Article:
Section II. Training Interviewers

General Interviewing Techniques: Developing Evidence-based Practices for Standardized Interviewing


Interviewers continue to have an important role in collecting data, particularly in studies that require locating or sampling respondents or administering complex survey instruments. General interviewing techniques (GIT) refer to the practices used by face-to-face and telephone survey interviewers for asking questions and obtaining codable answers from respondents. Since Fowler and Mangione (1990) codified a set of practices for standardization, supplementary or complementary interviewing techniques have been proposed to support motivation (Dijkstra 1987), recall (Belli et al. 2001), and comprehension (Schober and Conrad 1997). However, the accumulating evidence on interaction during interviews has not yet led to a comprehensive updating of interviewing techniques. This chapter describes steps we are taking to update GIT based on studies of interaction. After situating current practice and reviewing our reasons for revisiting GIT at this time, we describe our process and goals as well as gaps in current practice. We then outline key concepts and techniques for the first lessons in a revised GIT training. Our proposals are rooted in the structure imposed by the conversational practices associated with the question-answer sequence and the influence of question form on what constitutes a codable answer.

Brief Historical Context

Although most contemporary research interviewing uses standardized interviewing, early interviewing practices were relatively informal (Converse 1987, 95-97, 335; Williams 1942). By the 1940s and 1950s, there was a movement toward standardization, probably motivated by studies that showed the impact of the interviewer on reliability and validity (Converse 1987, 335; Hyman et al. [1954] 1975; see discussion in Schaeffer 1991). Fowler and Mangione (1990) provided an influential codification of standardization, summarized in Table A3A.1 in the online supplementary materials (Online Appendix 3), the first principle of which is that questions are read as worded. Although there is little documentation about how different survey centers implement standardization, all 12 academic survey centers studied by Viterna and Maynard required that questions be read verbatim (2002, 394), as do "conversational" interviewing methods (Schober and Conrad 1997) and the U.S. Bureau of the Census (undated). Other features of standardization varied at the centers Viterna and Maynard examined. Both the University of Wisconsin Survey Center (UWSC) and the Survey Research Operations (SRO) at the University of Michigan's Survey Research Center (SRC), the centers involved in the project reported here, implement fairly rigorous versions of standardization. (For other versions of standardization see Brenner 1982, 139; Dijkstra 1987; Gwartney 2007, 203.)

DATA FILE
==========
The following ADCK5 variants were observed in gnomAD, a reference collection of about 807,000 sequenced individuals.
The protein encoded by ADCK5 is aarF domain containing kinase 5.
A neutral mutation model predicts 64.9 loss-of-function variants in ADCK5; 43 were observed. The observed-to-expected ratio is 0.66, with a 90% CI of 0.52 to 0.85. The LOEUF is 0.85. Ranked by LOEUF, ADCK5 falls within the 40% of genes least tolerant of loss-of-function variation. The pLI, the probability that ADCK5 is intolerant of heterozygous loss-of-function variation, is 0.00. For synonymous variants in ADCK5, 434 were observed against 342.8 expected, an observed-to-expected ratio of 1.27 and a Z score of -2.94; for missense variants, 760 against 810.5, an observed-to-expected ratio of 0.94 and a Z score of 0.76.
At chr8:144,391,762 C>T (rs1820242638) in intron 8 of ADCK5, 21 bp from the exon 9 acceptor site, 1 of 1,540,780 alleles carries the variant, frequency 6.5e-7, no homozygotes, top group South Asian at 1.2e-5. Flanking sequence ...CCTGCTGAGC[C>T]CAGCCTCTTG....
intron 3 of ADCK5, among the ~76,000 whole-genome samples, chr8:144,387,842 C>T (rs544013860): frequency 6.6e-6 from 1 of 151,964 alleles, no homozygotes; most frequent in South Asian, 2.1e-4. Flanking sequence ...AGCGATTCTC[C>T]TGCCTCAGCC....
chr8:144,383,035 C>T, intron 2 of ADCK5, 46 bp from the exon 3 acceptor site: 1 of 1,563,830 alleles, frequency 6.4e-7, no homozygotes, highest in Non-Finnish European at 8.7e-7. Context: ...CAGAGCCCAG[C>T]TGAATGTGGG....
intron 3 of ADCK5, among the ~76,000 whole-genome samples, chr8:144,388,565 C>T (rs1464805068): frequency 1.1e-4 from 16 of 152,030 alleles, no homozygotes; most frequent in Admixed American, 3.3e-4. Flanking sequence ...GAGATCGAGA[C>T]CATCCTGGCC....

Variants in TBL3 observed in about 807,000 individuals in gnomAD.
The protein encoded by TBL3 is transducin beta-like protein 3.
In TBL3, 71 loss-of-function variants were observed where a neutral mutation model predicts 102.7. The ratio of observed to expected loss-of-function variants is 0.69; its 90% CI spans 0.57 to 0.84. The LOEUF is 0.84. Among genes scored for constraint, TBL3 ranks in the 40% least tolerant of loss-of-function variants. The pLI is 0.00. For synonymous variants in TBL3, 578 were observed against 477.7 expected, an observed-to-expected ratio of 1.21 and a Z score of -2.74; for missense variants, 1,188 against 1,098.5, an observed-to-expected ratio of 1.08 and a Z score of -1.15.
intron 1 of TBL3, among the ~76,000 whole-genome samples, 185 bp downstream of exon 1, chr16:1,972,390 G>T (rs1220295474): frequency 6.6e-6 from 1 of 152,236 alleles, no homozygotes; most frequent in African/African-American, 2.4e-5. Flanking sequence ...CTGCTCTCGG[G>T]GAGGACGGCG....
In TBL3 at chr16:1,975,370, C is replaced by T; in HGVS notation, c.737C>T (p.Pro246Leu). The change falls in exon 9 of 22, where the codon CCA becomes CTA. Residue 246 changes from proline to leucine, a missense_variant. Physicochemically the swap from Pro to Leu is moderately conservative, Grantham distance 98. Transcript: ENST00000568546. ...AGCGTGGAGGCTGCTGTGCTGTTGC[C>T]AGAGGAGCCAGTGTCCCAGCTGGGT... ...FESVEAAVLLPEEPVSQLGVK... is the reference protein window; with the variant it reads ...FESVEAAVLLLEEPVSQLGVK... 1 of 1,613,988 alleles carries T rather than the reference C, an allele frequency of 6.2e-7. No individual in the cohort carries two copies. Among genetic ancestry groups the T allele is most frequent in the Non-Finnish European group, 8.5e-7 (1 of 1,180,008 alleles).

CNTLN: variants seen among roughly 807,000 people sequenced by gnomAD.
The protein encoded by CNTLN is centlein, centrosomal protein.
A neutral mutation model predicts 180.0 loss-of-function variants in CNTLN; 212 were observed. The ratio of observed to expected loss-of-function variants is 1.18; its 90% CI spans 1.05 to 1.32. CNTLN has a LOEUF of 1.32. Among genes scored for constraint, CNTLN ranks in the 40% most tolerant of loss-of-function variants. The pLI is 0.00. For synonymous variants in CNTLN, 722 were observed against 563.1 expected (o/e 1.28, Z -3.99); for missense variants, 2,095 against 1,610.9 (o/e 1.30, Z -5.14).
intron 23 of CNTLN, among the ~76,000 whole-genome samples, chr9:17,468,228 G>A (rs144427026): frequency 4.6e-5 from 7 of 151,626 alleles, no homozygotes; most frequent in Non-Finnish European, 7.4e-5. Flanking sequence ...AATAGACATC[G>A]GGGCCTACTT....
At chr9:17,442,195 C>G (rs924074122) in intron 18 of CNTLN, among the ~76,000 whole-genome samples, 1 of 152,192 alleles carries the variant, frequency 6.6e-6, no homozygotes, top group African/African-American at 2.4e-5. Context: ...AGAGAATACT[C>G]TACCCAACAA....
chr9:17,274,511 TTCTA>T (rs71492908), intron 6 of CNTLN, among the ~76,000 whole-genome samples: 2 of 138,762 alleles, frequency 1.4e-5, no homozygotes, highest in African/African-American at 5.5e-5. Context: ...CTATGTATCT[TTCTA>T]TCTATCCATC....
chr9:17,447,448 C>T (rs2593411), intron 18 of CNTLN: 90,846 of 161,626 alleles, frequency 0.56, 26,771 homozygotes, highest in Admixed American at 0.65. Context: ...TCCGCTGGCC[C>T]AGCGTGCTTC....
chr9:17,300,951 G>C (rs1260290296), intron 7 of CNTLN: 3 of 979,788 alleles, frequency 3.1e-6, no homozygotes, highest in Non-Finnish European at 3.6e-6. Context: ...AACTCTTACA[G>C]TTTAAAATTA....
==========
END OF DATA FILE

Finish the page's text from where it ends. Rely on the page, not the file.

Reasons to Revisit GIT

There are several reasons to revisit GIT. First, we now have many studies that describe the actual behavior of interviewers and respondents. These studies have benefited from the vocabulary and techniques of conversation analysis and related disciplines. Second, as studies that code interaction have accumulated, the coding systems embody increasingly refined understandings of what should be labeled an "action" and what those labels should be (e.g., compare Cannell et al. 1989; Dykema, Lepkowski, and Blixt 1997; Olson and Smyth 2015; Ongena and Dijkstra 2007; Schaeffer and Maynard 2008). Third, analytic advances have helped clarify the contribution of interviewers, respondents, and questions to error (e.g., West and Blom 2017). Fourth, it is also possible that a comprehensive framework for interviewing techniques could contribute to developing common vocabularies and practices across research centers, thus reducing "house effects." Fifth, recent research both elaborated our understanding of the characteristics of questions that might be involved (e.g., Alwin 2007; Saris and Gallhofer 2007; Schaeffer and Dykema 2011a) and has shown that those characteristics predict both the participants' behavior and measures of data quality or proxies for it (e.g., Dykema et al. 2020; Garbarski et al., Chapter 18, this volume; Holbrook et al., Chapter 17, this volume; Olson and Smyth 2015; Olson, Smyth, and Cochran 2018; Schaeffer and Dykema 2011b). For our purposes, studies that focus on actions (e.g., question reading) and requirements of actions (e.g., exactly as worded), rather than psychological concepts (e.g., the subjective experience of rapport), provide stronger guidance for interviewer training.

A Process for Revising GIT

This chapter describes the process UWSC and SRO used to revise and update GIT. We also describe the first six modules of our training; work on the remaining modules is continuing. Our organizations began with compatible training protocols but somewhat different vocabularies. As we developed each topic in the training, we reviewed published documentation of interviewer training (e.g., Fowler and Mangione 1990; Gwartney 2007) and interviewer training at our organizations. We also considered relevant experiments and observational studies about survey interviews and questions; research in conversation analysis, linguistics, cognitive psychology, and measurement theory; and our own close observations of interaction in the interview over many years. We drew on extensive experience in training and monitoring interviewers to consider what interviewers could be trained to do in the fast-paced environment of an interview. We tried to reach a consensus on proposed techniques during extensive discussion and review of examples.

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